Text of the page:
A team of researches has discovered that magnetic fields can have a great impact over heat and sound waves.
The scientists specialized in nanotechnology from Ohio State University discovered that magnets can impact our lives in ways that were not believed possible before. Years after researchers have used them for medical imaging or quantum computing, and also in astronomy, where natural magnetism is used to amplify signals of light from distant galaxies, the new report states that it a new way of controlling acoustic phonons was discovered.
In the results published in the Nature Materials, the team from Ohio State University announced that these particles that transmit heat and sound waves can be guided by using a magnetic field by the size of a regular MRI machine, which is used in medicine.
Even though heat and sound seem to be very different, they share the same origin. In quantum mechanics term, both sound and heat are the expressions of the same form of energy.
Lead researcher of the study Joseph Heremans said that the discovery adds a new dimension to our understanding of acoustic waves. “We’ve shown that we can steer heat magnetically. With strong enough magnetic fields, we should be able to steer sound waves, also”, he explained.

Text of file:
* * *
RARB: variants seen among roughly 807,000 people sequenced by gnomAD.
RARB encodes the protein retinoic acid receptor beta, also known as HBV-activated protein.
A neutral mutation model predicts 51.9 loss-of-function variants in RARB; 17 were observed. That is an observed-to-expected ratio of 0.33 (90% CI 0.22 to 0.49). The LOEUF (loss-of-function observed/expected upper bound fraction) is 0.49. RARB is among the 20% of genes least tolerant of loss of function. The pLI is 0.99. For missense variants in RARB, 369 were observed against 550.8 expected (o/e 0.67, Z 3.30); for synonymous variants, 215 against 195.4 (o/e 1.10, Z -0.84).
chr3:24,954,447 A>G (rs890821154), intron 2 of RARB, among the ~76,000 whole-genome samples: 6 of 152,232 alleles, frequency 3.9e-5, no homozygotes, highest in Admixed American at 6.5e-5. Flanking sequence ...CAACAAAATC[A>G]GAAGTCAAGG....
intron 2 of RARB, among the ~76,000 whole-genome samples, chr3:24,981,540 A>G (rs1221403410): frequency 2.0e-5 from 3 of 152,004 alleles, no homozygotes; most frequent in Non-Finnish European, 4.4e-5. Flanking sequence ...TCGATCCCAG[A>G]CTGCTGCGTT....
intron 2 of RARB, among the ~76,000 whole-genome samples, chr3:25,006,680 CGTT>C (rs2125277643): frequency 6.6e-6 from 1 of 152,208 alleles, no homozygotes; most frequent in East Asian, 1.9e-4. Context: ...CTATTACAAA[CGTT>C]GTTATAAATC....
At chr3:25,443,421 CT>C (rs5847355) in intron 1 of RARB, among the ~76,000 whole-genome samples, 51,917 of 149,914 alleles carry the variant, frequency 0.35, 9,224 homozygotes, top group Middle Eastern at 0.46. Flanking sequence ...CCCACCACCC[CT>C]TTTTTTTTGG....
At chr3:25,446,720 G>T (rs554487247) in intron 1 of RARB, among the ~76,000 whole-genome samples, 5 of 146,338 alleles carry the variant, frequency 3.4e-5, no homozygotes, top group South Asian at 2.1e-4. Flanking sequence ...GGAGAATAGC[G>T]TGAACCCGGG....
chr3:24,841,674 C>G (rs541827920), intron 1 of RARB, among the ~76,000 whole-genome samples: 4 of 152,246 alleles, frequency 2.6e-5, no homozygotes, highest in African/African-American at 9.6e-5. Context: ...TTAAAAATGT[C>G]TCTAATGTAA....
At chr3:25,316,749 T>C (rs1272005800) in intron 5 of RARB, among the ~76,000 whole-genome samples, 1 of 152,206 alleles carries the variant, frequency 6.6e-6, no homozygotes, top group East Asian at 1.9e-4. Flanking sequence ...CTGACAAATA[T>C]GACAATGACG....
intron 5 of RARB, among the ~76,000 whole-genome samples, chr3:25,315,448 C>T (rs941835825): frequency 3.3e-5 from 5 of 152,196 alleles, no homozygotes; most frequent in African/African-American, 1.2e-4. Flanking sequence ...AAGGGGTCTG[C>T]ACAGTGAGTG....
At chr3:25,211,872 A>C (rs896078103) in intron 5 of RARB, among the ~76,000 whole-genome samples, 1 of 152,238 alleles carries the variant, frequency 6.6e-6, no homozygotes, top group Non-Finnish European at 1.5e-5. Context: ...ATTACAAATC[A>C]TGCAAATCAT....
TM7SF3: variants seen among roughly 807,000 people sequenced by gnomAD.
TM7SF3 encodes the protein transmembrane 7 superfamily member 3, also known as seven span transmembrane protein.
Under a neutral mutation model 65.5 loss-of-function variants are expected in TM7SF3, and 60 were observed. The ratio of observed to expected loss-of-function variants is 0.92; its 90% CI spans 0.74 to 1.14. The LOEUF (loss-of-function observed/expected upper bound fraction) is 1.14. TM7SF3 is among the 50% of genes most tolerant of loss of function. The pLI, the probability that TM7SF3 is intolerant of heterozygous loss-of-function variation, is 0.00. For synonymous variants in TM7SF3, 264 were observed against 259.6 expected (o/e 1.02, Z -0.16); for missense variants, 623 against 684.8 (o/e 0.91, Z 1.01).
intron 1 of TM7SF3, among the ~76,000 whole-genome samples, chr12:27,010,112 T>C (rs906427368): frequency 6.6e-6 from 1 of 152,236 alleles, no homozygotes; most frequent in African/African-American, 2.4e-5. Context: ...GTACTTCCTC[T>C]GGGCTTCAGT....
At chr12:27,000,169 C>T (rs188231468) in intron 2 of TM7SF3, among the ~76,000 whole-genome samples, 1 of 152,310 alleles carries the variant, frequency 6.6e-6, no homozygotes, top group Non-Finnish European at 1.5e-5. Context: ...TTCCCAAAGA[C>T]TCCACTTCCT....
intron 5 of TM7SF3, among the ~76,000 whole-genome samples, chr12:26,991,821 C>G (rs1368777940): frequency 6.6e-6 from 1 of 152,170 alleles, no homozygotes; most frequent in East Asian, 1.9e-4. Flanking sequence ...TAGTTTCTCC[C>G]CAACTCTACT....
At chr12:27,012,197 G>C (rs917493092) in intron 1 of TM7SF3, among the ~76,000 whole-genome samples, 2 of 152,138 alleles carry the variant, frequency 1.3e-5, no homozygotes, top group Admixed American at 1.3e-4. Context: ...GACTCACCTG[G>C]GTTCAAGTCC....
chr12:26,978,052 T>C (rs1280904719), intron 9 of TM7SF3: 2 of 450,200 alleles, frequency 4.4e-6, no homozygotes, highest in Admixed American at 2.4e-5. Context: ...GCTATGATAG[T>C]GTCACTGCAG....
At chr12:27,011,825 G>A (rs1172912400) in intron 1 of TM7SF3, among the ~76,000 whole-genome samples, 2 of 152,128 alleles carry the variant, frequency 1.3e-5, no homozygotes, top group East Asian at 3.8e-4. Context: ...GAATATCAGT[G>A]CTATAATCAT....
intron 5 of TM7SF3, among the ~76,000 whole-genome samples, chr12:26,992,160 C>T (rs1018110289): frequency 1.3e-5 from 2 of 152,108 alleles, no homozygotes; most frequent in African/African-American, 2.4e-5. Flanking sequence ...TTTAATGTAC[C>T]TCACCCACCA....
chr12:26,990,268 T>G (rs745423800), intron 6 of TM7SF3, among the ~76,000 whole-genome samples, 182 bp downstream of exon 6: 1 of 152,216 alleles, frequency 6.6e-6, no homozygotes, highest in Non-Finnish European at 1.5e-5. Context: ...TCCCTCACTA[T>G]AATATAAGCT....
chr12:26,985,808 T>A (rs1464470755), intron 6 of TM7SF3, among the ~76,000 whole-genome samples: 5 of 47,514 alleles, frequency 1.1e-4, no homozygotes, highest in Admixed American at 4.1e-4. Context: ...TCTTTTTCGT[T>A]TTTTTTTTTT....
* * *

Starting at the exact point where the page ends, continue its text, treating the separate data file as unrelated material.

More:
Phonons, which are considered to be the cousins of photons, are particles of heat and sound. Since Albert Einstein discovered the photoelectric effect, researchers have looked with great interest at the properties of lights which reveal not only their magnetic properties, but also their dual forms. On the other hand, phonons have been neglected by major studies, mostly because their properties are revealed when they affect other materials, and rarely when they act alone.
“Heat is conducted through materials by the vibrations of atoms. The hotter a material is, the faster the atoms vibrate. Sound is also a vibration of atoms”, the lead researcher said.
In the study the scientists have shown that in exploiting a strong enough magnetic field they managed to reduce the amount of heat flowing through a semiconductor by more than 12 percent. The researchers think that with stronger magnets they will be able to control the proliferation of sound waves.
The scientists believe that in the future, people could control heat in substances which are not magnetic, such as stone, glass, and plastic.
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